Alexis de Tocqueville ends his 1840 review of American society “Democracy in America” by writing, “I feel full of fears and full of hopes,” as he looks into the future of the great experiment. Tocqueville understood the American psyche then and little has changed in the last 176 years. “I know of no other country with less independence of mind...than in America.”
He in great detail shares what should concern us in a democracy that is unlike any other in history. Many of his concerns have come true, and others closer to reality in our day. No matter the list of negatives, he still praises our democratic path.
Kuyper speaks of “Sphere Sovereignty” the different areas of work and authority in our lives, and that good government is a design of God’s and our responsibility as Christians to participate in government without forcing our faith on others. Both speak of the potential good and pitfalls of governing in a democratic society. Tocqueville a Frenchman and Kuyper a Dutchman looking from the outside in on America.
Tocqueville praises equality as something of grandeur and beauty. I agree. However, he is clear to note that equality when unchecked can drive you to anarchy or slavery. The Republicans in this election would drive you to anarchy or despotism, and the Democrats further into dependence and slavery.
One must recognize that the ultimate goal of equality is to eliminate individuality if left unchecked. It is to create “sameness”. There could be nothing more ugly in humanity than sameness. “I scan my eyes over this numberless mass composed of similar beings, where nothing rises to a higher level or sinks to a lower one. The spectacle of the universal uniformity saddens and chills me, and I am tempted to long for a society that no longer exists,” writes Tocqueville in his last pages.
Our great mantra is “All men are created equal.” This does not mean that all men: have equally, experience equally or deserve equally. It means they should be free to pursue what they desire in life. It does not affirm fairness, good luck, best circumstances, or any guarantee, it simply affirms that government should make it possible for each individual to pursue that which he or she values without imposing their will on the unwilling.
What I see in those around me is little participation in the political process. Few intelligent people run for office, few intelligent people give money to support ideology via a candidate, and worse there are fewer intelligent people because they have submitted to the slavery feature of equality. Few men read anymore.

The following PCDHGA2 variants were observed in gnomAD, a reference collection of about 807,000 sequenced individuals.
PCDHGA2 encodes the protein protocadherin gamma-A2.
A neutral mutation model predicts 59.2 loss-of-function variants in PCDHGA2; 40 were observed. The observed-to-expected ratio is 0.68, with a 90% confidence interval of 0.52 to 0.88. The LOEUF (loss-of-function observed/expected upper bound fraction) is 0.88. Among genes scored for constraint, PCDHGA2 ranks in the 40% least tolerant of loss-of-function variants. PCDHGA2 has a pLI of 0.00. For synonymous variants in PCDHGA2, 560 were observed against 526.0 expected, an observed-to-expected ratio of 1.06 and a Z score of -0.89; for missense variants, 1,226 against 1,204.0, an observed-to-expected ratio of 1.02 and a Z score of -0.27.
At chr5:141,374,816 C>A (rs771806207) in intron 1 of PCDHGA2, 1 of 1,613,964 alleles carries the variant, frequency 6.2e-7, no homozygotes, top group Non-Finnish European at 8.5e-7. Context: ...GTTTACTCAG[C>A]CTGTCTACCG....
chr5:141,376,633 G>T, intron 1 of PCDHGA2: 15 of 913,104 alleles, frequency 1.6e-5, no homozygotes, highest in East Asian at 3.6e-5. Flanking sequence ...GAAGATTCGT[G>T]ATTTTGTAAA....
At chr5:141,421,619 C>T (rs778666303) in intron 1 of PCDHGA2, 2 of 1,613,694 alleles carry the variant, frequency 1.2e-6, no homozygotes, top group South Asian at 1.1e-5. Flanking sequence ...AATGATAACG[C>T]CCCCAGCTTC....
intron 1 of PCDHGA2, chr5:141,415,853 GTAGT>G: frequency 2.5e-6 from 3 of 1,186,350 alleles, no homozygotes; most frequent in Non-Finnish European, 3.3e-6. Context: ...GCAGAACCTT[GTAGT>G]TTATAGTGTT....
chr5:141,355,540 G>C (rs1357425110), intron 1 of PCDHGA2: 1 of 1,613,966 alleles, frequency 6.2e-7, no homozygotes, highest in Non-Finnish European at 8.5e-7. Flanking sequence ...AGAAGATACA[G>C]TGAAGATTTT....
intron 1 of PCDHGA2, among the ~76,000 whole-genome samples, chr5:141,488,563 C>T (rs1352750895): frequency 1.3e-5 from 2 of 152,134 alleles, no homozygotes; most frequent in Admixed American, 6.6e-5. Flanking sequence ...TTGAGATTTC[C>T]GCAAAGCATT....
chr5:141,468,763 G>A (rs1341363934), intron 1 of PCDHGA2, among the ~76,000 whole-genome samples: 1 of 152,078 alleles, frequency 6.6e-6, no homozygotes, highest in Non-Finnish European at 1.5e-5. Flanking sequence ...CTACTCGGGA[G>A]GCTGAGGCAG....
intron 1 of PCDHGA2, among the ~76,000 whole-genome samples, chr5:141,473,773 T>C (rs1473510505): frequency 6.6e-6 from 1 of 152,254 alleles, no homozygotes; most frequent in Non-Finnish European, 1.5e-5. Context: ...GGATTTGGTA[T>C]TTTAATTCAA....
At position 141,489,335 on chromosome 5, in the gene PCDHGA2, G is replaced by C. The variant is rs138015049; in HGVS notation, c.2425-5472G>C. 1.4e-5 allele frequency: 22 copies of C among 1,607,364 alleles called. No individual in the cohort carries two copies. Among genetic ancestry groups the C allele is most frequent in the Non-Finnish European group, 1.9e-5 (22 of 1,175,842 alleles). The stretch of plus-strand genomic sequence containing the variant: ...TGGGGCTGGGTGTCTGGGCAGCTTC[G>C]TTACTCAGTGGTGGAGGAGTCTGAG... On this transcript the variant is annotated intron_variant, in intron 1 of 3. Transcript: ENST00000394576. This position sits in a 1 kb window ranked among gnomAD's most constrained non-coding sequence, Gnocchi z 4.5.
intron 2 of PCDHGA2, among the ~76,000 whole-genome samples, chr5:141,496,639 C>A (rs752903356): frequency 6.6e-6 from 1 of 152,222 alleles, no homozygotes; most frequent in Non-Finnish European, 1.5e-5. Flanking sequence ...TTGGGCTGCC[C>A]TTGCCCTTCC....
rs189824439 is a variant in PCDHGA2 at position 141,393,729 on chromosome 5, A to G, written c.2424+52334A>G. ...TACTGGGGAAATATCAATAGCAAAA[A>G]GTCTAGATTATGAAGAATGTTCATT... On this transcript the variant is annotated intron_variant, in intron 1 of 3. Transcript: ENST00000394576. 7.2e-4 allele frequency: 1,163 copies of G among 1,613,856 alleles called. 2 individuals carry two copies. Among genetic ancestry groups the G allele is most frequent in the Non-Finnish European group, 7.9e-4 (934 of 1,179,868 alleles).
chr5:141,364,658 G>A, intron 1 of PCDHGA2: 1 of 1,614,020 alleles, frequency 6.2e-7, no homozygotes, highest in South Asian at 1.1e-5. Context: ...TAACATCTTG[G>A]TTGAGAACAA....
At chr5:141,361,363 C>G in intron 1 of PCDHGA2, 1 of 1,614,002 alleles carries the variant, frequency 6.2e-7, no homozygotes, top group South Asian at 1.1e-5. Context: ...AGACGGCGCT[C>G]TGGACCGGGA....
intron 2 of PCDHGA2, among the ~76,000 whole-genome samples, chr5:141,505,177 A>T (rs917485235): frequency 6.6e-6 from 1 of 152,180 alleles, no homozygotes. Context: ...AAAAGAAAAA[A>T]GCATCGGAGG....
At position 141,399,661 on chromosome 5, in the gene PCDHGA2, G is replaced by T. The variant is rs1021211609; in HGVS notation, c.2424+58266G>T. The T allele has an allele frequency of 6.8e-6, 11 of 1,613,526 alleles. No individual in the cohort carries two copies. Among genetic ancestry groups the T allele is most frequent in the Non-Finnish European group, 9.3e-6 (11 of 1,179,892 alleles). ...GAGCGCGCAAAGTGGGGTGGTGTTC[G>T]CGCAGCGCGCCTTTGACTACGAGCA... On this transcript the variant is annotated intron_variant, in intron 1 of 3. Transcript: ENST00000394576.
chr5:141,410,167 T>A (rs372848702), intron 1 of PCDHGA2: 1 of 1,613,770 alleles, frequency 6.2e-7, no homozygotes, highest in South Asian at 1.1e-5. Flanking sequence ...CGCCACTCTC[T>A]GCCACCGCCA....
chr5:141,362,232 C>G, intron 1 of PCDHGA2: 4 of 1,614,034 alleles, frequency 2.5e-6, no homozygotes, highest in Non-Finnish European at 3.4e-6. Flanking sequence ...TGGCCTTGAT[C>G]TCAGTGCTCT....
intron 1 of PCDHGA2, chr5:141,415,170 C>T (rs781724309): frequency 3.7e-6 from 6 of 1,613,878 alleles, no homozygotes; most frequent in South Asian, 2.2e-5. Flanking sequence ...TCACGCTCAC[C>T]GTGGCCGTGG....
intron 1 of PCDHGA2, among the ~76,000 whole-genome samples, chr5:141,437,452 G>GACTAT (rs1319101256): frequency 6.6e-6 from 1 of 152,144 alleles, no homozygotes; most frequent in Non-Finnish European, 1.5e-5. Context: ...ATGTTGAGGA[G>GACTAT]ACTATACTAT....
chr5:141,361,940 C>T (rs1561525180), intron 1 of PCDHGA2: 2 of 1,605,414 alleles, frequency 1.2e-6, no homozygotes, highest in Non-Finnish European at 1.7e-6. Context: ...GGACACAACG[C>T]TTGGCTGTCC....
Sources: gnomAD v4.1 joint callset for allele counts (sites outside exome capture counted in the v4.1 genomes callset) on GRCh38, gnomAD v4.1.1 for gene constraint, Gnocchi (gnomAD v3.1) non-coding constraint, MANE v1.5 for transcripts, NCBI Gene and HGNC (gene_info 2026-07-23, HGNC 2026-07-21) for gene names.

We in Christendom are called to participate in creating structure and great government. However, it must not be with the idea of Constantine rule. This was the failure of the religious right in the 80s.
“The other parties campaign for parliamentary seats, more of less. We campaign for our principles,” states Abraham Kuyer.
Mouw writes, “Kuyper did not want a naked public square but a crowded one with no belief system having an official advantage. Kuyper was promoting pluralism under secularization, but not secularization. The state should act more like a coach or a cheerleader, showing impartiality toward a variety of religious and moral perspectives – as well as irreligious and immoral ones – while allowing them to compete for the allegiances of citizens within a framework.”
Our participation is paramount as we in Christendom were the first to bring freedom and equality in the world. “It is religion which gave birth to the Anglo-American societies: one must never forget it,” writes Tocqueville,”In the United States therefore mixed together with all the national habits and all the sentiments that the father land brings into being. That gives it a special force. “
Our God made ALL of humanity in His image, and our Messiah that brought women’s equality to society.
No matter your party preference this November, if you are willing to lay down your ideologies because of two poor human choices, you are the greatest kind of fool.
"When principles that run against your deepest convictions begin to win the day, then battle is your calling, and peace has become sin; you must, at the price of dearest peace, lay your convictions bare before friend and enemy, with all the fire of your faith." - Abraham Kuyper
We must hold fast to what we know to be truth and do our best to elect flawed persons that our closest to that ideology. You and I may disagree, but if you fail to vote and I know it, I will think you weak.
If you step away from your lifelong commitments under the banner of - I just can’t elect that “person” I will think you weak and uncommitted to any truth. No person is without flaw and no perfect person has represented you in government…ever.
But to submit to slavery or anarchy under equality is a great show of anti-intellectualism and apathy.
“Equality..is more just and its justice makes its grandeur and beauty. I am making every effort to entre this point of view of God and it is from there that I am seeking to consider and judge human things.” – Alexis de Tocqueville “Democracy in America”